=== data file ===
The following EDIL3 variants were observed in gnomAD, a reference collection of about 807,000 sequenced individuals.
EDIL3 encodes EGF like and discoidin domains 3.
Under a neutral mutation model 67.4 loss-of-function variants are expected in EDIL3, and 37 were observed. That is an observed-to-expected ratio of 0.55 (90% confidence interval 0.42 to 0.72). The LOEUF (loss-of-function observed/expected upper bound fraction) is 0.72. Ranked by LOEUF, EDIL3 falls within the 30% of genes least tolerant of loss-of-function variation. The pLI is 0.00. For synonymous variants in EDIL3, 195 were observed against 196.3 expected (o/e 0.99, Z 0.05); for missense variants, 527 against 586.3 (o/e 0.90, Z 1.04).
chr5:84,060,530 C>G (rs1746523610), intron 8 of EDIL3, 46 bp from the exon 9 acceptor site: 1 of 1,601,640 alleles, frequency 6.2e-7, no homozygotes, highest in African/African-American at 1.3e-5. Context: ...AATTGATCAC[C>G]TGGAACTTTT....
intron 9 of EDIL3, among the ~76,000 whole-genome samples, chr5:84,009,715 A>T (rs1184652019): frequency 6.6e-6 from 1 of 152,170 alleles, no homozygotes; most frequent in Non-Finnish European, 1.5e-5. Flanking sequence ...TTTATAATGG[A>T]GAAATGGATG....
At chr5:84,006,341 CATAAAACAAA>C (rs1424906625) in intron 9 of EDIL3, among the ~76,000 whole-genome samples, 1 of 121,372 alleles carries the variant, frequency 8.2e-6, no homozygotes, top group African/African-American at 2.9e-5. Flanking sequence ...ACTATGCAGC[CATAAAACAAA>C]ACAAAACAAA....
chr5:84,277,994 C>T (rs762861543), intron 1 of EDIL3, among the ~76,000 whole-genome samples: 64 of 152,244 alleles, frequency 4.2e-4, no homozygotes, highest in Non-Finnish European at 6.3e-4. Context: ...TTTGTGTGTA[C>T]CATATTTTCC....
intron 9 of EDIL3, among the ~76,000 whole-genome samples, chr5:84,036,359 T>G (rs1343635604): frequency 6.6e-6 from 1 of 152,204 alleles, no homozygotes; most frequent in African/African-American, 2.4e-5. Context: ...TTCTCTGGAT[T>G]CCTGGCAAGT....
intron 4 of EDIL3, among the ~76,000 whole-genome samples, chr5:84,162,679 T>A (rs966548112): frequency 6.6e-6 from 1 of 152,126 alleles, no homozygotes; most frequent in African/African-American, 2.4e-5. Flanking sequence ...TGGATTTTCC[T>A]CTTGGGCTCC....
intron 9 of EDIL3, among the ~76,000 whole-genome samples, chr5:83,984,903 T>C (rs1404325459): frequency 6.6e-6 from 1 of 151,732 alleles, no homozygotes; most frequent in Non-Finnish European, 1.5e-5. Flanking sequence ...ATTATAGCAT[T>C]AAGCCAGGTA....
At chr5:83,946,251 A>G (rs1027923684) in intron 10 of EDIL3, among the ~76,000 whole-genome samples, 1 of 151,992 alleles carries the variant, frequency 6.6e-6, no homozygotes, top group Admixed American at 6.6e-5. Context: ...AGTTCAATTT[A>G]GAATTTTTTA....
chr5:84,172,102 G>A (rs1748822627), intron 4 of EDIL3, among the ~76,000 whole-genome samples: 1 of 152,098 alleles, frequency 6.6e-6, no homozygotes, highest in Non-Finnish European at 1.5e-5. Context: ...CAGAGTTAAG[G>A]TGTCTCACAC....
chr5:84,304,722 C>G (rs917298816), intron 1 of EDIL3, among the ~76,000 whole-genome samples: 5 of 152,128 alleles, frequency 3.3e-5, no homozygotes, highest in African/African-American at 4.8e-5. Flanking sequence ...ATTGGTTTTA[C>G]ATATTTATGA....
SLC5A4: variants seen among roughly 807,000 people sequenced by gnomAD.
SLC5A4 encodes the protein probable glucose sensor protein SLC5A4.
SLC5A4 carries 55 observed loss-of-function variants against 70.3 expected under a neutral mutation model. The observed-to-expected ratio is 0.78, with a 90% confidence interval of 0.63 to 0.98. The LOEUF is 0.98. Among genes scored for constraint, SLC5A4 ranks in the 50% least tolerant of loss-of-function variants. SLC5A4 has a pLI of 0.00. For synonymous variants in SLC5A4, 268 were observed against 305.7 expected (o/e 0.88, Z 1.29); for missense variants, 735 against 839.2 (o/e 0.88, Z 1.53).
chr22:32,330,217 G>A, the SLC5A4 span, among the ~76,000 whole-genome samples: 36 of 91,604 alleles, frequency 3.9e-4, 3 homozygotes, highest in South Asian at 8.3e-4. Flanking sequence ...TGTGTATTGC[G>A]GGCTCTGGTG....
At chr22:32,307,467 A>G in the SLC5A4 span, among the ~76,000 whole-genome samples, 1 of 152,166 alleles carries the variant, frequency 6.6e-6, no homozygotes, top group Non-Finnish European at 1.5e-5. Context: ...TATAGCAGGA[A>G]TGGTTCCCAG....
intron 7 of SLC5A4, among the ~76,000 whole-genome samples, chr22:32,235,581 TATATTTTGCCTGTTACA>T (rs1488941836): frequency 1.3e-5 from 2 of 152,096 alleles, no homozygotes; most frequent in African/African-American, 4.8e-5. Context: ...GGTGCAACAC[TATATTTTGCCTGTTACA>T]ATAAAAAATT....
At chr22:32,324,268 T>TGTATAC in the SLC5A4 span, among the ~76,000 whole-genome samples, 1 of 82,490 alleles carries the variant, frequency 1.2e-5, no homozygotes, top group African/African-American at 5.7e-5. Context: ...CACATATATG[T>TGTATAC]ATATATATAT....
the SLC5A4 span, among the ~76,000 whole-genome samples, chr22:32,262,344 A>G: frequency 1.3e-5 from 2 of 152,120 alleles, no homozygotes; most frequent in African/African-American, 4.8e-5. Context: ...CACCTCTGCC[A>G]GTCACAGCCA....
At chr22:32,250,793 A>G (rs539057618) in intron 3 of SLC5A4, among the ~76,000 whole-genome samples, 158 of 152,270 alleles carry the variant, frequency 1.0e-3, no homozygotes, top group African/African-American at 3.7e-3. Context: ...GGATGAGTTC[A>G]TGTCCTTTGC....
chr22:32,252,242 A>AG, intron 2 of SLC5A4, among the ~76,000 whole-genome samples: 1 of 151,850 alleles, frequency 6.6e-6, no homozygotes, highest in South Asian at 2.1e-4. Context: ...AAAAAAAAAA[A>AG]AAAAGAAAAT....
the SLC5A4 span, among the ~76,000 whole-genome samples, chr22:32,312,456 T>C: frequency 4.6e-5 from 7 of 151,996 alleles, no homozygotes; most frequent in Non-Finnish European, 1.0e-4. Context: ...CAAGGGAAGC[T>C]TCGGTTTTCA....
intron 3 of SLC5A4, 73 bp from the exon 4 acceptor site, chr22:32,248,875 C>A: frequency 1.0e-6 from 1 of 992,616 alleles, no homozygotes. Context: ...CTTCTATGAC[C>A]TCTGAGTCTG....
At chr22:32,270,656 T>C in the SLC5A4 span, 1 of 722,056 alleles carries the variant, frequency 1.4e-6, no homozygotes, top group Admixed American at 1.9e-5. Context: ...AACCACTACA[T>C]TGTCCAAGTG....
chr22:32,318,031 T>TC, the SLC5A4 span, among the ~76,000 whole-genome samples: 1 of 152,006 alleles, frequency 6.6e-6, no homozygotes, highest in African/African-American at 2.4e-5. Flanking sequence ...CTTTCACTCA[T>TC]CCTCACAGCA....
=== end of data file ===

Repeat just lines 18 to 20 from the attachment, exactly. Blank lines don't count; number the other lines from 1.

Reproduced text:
At chr22:32,307,467 A>G in the SLC5A4 span, among the ~76,000 whole-genome samples, 1 of 152,166 alleles carries the variant, frequency 6.6e-6, no homozygotes, top group Non-Finnish European at 1.5e-5. Context: ...TATAGCAGGA[A>G]TGGTTCCCAG....
intron 7 of SLC5A4, among the ~76,000 whole-genome samples, chr22:32,235,581 TATATTTTGCCTGTTACA>T (rs1488941836): frequency 1.3e-5 from 2 of 152,096 alleles, no homozygotes; most frequent in African/African-American, 4.8e-5. Context: ...GGTGCAACAC[TATATTTTGCCTGTTACA>T]ATAAAAAATT....
At chr22:32,324,268 T>TGTATAC in the SLC5A4 span, among the ~76,000 whole-genome samples, 1 of 82,490 alleles carries the variant, frequency 1.2e-5, no homozygotes, top group African/African-American at 5.7e-5. Context: ...CACATATATG[T>TGTATAC]ATATATATAT....